Live stock market monitoring during the coronavirus pandemic


The devastation of the coronavirus pandemic became more evident on Thursday with more than 5.2 million workers added to the unemployment count.

The latest Labor Department figure, reflecting last week’s initial jobless claims, brings the four-week total to about 22 million, about the net number of jobs created over the nine and a half year period that started after the last recession and ended with the arrival of the pandemic.

He points out how the downdraft has spread to all corners of the economy: hotels and restaurants, mass retailers, manufacturers and white-collar fortresses like law firms.

“There’s nowhere to hide,” said Diane Swonk, chief economist at Grant Thornton in Chicago. “This is the deepest, quickest and widest recession we have ever seen. “

Facebook announced Thursday morning that it would start sending messages to people who liked, reacted or commented on false information about Covid-19 that the social network had deleted. The posts would also recommend credible information from the World Health Organization, the company said.

“This is a period of radical uncertainty, an order of magnitude greater than anything we are used to,” said Adam Tooze, historian at Columbia University and author of “Crashed,” a study of the vast global ripple effects of 2008. financial crisis.

Crises have a way of highlighting problems that are easy to ignore at the right time.

One obvious candidate is globalization, in which companies can move production to where it is most efficient, people can get on planes and go almost anywhere, and money can flow everywhere it goes. its maximum. The idea of ​​a global economy with the United States at its center was already crumbling, between the rise of China and the United States’ own shift to nationalism.

There are signs that the coronavirus crisis is exaggerating and may even cement these changes.

US stock futures rose and European markets rose slightly on Thursday as investors digested new government and corporate figures on the economic damage caused by the coronavirus epidemic.

Futures for the S&P 500 signaled a rise in the opening of the markets.

Thursday brings a new wave of bad economic news. Weekly US unemployment benefit data released on Thursday morning showed yet another massive job loss, and more businesses were expected to report the blow to their financial results in the first three months of the year.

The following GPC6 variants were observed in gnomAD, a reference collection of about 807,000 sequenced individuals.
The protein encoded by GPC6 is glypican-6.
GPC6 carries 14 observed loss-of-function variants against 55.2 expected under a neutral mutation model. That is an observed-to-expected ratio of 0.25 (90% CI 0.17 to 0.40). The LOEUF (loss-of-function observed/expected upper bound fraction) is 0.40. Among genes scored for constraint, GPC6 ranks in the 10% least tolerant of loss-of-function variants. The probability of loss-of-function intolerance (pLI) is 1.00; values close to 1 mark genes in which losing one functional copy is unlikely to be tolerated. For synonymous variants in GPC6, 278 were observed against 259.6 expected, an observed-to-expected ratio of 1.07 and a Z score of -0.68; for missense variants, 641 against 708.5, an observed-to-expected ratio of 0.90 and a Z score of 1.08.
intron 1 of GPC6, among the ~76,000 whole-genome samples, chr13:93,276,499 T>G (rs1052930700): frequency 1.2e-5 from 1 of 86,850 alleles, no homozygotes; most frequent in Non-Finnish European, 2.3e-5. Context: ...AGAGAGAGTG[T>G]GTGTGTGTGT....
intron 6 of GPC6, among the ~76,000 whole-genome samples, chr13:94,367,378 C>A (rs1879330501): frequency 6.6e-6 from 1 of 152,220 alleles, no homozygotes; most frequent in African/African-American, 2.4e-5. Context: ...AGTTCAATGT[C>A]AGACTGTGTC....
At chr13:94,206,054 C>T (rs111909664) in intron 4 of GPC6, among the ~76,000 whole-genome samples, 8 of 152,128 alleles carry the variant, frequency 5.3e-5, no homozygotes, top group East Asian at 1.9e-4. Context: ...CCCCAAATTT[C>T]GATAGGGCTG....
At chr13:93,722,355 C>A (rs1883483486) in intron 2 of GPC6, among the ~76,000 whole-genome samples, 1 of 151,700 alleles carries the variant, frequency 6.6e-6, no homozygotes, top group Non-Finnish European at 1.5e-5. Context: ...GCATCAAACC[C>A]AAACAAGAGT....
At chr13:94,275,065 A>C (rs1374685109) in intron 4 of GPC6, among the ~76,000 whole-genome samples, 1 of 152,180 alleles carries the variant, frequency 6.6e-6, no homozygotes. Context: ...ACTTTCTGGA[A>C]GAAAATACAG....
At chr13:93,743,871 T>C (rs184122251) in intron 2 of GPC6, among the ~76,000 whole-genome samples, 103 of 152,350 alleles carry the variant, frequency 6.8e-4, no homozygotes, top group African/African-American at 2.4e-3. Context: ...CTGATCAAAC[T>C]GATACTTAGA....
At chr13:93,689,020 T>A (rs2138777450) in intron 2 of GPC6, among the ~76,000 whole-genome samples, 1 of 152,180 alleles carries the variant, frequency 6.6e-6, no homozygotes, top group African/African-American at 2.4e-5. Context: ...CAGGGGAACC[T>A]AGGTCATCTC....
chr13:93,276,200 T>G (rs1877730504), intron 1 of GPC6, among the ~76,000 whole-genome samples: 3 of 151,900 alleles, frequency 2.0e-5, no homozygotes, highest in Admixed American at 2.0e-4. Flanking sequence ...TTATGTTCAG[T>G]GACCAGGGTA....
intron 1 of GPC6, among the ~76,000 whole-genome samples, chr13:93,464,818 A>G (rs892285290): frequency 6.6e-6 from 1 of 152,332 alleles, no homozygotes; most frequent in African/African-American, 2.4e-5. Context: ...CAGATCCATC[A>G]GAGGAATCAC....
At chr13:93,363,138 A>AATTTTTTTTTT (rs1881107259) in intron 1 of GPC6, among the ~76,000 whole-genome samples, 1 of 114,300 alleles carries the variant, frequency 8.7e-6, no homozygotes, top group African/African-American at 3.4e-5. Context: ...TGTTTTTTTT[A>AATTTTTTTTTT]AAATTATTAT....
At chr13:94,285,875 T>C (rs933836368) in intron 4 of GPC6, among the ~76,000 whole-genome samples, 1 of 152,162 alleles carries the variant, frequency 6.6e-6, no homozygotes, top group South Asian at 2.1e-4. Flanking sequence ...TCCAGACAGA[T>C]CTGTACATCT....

European automakers are starting to gradually reopen factories in what will be an important test of whether it is possible to revive the economy without endangering the health of employees.

Volkswagen, which has already restarted limited production in some parts factories, announced Wednesday that it will reopen car assembly plants in Zwickau, Germany and Bratislava, Slovakia on Monday. Other VW factories around the world will follow later in April and May.

Daimler, the maker of Mercedes-Benz cars and trucks, said that next week it would reopen three German factories that make vital parts, like a Berlin-made system that controls the valves of internal combustion engines. The factories will initially operate for one shift per day as Daimler gradually restarts operations in Germany, the company said.

Volvo Cars has announced that it will reopen its factories and offices in Sweden on Monday. Sweden has taken a more relaxed approach to the virus, allowing primary schools and restaurants to remain open.

More than a million Europeans are working reduced hours or are unemployed due to car and parts plant closings, so restarting factories is crucial. But factories will also be laboratories to determine if the risk of infection can be controlled by using face masks, plastic barriers and other measures.

A struggling Chinese conglomerate talks to investors about its debt problems.

The leaders of United airlines On Wednesday, he wrote to the airline’s 100,000 workers, warning that staff cuts may take place and demand for air travel is expected to remain subdued next year.

“The challenge ahead for United is greater than that we have faced in our 94 years of pride,” wrote airline general manager Oscar Munoz and president J. Scott Kirby, in the letter posted on the company’s website.

Traffic in the first two weeks of April fell 97% from last year and the airline now plans to carry fewer passengers in May than in one day in the same month l ‘last year, the leaders wrote. And the decline is expected to continue even if health concerns persist and travel restrictions are lifted at different times around the world.

The airline said earlier Wednesday that it expects to receive $ 5 billion in federal funds to pay airline workers until September, but the stimulus should not prevent cuts beyond that, warned the leaders Thursday.

“The difficult economic outlook means that we have difficult decisions to make when we expect our airline and our overall workforce to be smaller than today, starting October 1,” they said. .

Leaders took a distinctly different tone from that of the CEO of American airlinesDoug Parker, who said in an interview with CNBC earlier today that he saw “indications that the world is ready to start traveling again.”

Catching up: here’s what’s going on.

The reports were provided by Alexandra Stevenson, Davey Alba, Neil Irwin, Nelson D. Schwartz, Liz Alderman, Keith Bradsher, Niraj Chokshi, Caitlin Dickerson, Miriam Jordan Jim Tankersley, Emily Cochrane and Emily Flitter Reed Abelson, Sapna Maheshwari, Ben Casselman , Noam Scheiber, Carlos Tejada and Mike Ives.


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